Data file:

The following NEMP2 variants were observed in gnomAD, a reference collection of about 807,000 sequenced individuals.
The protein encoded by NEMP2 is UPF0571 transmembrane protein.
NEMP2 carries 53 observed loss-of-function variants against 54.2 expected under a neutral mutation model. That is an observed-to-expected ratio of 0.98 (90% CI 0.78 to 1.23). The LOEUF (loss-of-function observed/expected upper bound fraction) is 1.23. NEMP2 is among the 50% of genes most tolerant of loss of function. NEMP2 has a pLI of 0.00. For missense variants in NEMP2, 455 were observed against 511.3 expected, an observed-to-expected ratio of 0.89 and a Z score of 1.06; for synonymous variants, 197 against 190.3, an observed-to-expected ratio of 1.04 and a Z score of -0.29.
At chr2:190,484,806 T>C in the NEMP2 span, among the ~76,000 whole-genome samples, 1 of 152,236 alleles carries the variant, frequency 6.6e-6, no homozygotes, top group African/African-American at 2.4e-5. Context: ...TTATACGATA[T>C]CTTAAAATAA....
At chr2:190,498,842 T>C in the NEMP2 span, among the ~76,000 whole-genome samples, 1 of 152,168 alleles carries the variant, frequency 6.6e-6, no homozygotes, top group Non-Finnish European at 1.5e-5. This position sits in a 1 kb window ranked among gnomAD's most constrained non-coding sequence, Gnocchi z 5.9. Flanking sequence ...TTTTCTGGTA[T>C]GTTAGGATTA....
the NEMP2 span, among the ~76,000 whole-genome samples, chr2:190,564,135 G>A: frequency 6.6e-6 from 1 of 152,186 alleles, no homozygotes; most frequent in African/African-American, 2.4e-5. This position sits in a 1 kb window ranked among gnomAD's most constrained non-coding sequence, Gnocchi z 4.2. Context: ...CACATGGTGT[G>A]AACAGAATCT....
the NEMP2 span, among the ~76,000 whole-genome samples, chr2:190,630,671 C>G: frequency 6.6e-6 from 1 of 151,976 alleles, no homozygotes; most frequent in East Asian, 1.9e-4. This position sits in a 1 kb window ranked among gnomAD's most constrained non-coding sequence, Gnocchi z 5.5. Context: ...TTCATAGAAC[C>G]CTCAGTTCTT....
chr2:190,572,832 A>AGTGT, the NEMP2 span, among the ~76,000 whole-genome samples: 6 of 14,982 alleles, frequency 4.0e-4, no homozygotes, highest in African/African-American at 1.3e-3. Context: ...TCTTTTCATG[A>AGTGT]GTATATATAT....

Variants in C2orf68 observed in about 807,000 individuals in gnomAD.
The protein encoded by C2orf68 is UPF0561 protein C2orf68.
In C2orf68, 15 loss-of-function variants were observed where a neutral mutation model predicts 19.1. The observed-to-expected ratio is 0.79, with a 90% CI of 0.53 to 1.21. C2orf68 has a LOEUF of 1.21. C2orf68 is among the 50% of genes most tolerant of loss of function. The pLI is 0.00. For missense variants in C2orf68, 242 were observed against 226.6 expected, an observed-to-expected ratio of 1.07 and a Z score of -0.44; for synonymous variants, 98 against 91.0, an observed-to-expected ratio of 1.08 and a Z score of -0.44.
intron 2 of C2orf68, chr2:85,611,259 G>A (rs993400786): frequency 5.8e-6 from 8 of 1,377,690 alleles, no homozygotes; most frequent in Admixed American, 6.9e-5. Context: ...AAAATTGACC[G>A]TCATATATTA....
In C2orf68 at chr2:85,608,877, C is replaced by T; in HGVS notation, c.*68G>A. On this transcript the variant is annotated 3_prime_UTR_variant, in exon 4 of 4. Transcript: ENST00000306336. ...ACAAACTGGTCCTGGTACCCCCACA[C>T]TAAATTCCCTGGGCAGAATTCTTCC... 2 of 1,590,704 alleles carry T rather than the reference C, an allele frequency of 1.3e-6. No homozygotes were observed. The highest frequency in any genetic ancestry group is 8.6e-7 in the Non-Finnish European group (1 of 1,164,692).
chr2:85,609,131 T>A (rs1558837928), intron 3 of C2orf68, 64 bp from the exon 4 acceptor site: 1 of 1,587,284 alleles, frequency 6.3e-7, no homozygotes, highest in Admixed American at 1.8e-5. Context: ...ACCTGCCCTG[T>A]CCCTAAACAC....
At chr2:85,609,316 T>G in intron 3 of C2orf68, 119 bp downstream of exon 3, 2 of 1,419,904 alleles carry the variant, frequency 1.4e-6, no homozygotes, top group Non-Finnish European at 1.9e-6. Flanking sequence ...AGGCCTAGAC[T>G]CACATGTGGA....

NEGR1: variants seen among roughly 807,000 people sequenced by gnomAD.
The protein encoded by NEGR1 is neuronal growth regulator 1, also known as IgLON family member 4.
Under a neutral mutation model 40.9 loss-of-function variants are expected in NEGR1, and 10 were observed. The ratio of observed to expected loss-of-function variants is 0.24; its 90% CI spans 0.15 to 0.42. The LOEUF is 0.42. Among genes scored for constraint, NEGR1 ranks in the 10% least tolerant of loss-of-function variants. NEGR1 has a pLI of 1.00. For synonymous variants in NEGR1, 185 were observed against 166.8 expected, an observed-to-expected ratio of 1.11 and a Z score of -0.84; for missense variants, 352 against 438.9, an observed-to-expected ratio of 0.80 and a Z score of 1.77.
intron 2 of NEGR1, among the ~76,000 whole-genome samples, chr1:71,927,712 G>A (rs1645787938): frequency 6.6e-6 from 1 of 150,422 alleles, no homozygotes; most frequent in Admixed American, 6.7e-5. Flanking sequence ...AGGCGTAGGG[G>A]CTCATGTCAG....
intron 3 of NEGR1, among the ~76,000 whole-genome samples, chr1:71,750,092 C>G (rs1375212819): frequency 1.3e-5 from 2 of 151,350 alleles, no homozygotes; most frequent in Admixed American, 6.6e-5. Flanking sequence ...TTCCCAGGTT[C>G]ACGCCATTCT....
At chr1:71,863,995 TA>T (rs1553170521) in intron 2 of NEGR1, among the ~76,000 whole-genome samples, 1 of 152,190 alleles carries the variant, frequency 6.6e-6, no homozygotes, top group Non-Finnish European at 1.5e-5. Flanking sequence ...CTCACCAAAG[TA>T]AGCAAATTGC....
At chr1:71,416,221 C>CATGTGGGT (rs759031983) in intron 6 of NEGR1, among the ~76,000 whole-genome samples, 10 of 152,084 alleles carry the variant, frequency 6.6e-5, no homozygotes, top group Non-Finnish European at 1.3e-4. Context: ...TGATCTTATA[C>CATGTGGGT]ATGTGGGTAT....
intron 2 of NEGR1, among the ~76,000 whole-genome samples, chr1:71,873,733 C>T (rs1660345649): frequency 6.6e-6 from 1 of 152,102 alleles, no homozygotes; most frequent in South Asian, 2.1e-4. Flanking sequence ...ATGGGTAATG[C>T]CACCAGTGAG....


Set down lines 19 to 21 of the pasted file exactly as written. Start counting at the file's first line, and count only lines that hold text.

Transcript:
intron 2 of NEGR1, among the ~76,000 whole-genome samples, chr1:71,927,712 G>A (rs1645787938): frequency 6.6e-6 from 1 of 150,422 alleles, no homozygotes; most frequent in Admixed American, 6.7e-5. Flanking sequence ...AGGCGTAGGG[G>A]CTCATGTCAG....
intron 3 of NEGR1, among the ~76,000 whole-genome samples, chr1:71,750,092 C>G (rs1375212819): frequency 1.3e-5 from 2 of 151,350 alleles, no homozygotes; most frequent in Admixed American, 6.6e-5. Flanking sequence ...TTCCCAGGTT[C>G]ACGCCATTCT....
At chr1:71,863,995 TA>T (rs1553170521) in intron 2 of NEGR1, among the ~76,000 whole-genome samples, 1 of 152,190 alleles carries the variant, frequency 6.6e-6, no homozygotes, top group Non-Finnish European at 1.5e-5. Flanking sequence ...CTCACCAAAG[TA>T]AGCAAATTGC....